When It Gets Challenging

It’s a tough time of year. The weather is hot, both in the way that August is always hot and the way that portends the ever-nearing climate apocalypse. The autumn is nigh. In the way that August always precedes the too-fast downhill slope into the holidays and the end of the year.

We’re housesitting for a few days in a beautiful house with air-conditioning and a calm, well-behaved dog. An ideal writer’s retreat… but I am not being the ideal writer. It makes me feel ashamed of passing hours lacking in accomplishments, and it’s all too easy to make the mental jump from passing of hours to the passing of ones life.

I have my reasons for minimal output, as maybe writers always do. So far, 2019 has been yet another year of almosts, of promises, of feigned excitement and “contracts on their way from business affairs,” that in the end turn into nothing. Some “untruths” are no doubt innocent, others intentional — they are plentiful enough to have some of each.

So what should I be writing? I have two stories, a feature in need of a rewrite, and three feature outlines all begun, and I find myself in a state of paralysis, unable to make a good dive into any of them.

There is the pervasive Hollywood myth, that I am realizing is much the same as myths perpetuated by abusers everywhere, that there is some right choice, some story, that (if you can execute it in a way that’s transcendent) will make the relationship healthy, will make the abuser act not act like a sociopath. If you can just be GREAT ENOUGH then THIS TIME all the promises will be made good on. THIS TIME you will be pulled from your indentured servitude into the rosy future — if you can pass all the tests and reach it.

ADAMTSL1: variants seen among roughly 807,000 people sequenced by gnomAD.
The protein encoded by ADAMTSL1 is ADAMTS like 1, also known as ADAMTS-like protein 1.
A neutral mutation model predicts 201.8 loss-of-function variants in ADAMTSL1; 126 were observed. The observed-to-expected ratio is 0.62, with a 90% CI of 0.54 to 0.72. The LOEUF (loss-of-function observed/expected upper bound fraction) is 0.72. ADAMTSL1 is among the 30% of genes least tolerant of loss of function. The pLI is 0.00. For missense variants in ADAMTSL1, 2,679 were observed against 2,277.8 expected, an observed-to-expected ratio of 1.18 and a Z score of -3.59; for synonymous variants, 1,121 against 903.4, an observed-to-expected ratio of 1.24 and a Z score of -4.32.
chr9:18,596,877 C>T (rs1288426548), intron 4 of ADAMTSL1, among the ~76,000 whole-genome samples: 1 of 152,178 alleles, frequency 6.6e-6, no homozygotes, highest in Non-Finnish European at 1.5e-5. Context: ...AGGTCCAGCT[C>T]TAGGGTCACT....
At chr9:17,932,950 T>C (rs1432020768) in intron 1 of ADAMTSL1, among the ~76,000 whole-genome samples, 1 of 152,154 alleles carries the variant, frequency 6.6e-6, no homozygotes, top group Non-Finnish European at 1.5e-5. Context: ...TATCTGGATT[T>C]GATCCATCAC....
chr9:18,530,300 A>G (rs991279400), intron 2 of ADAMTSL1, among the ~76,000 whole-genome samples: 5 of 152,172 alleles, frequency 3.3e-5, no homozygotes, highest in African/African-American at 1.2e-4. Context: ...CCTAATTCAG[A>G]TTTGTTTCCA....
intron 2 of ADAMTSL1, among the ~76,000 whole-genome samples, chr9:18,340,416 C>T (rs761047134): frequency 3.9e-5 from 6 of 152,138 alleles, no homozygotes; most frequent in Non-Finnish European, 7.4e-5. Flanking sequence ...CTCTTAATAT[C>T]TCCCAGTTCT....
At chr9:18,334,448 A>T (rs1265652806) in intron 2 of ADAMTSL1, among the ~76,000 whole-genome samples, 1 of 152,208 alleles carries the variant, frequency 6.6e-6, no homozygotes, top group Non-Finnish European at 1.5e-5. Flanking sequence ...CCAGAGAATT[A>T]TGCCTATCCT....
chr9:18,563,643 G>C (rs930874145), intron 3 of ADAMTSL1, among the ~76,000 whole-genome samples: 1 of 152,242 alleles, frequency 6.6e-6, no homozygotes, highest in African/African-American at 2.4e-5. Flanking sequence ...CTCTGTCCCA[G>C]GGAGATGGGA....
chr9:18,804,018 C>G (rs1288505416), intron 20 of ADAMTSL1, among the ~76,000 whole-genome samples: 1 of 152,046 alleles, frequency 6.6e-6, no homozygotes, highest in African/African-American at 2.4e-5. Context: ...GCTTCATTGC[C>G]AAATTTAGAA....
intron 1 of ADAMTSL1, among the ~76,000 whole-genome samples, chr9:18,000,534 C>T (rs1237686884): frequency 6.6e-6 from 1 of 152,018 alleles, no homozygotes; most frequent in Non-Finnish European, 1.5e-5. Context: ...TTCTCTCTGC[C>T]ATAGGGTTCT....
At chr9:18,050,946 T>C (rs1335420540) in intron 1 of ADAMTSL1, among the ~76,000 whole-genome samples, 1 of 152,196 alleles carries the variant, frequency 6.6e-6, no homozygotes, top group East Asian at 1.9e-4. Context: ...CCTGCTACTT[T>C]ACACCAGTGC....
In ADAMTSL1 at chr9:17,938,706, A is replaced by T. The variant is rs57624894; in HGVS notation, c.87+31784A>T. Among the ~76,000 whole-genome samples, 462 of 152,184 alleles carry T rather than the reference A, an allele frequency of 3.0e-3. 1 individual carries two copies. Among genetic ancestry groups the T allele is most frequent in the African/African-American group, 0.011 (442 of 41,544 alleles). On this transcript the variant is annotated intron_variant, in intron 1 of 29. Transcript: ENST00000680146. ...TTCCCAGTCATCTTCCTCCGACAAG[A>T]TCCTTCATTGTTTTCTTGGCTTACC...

I’ve come to recognize this as the psychological fuckery it is, and I don’t believe in it anymore… except when I do. Like a seven-year-old coming to certain conclusions about Santa, I’m still like, “but WHAT IF?” What if he does exist and there are awesome presents that you get because you’re good?

So, there’s still this temptation to place an irrational weight on choosing which project to invest in, because what if one of them has the potential to be a project that CHANGES EVERYTHING and what if I choose wrong? Or, what if NONE of them will change everything, but there’s a project that will at least give me personal satisfaction, but instead I’m choosing to chase promises and pots of gold at ends of rainbows again?

At this point, either my compass is so messed up or — because it’s actually impossible for anyone to predict — I’m having difficulty even choosing what will give personal satisfaction. Which project, a year from now, will be worth the frustration of finishing a draft and realizing I need to tear it down to the bones and build it again and then again?

So here I am at a fork in the road, unable to choose a way forward, waiting for clarity.

At least there’s a pool.

 

 

 

Words To Drive By “Tribe”

EPISODE 02: “Tribe”
(After the Storms, Part 2)

SUMMARY: In a dystopian future, a woman juggles memories of her former life with her growing feelings for someone new as she and her nomadic tribe face a dwindling water supply in the desert.

NOTES:
This story was first published in an anthology, *Turning Points: Stories About Choice and Change*.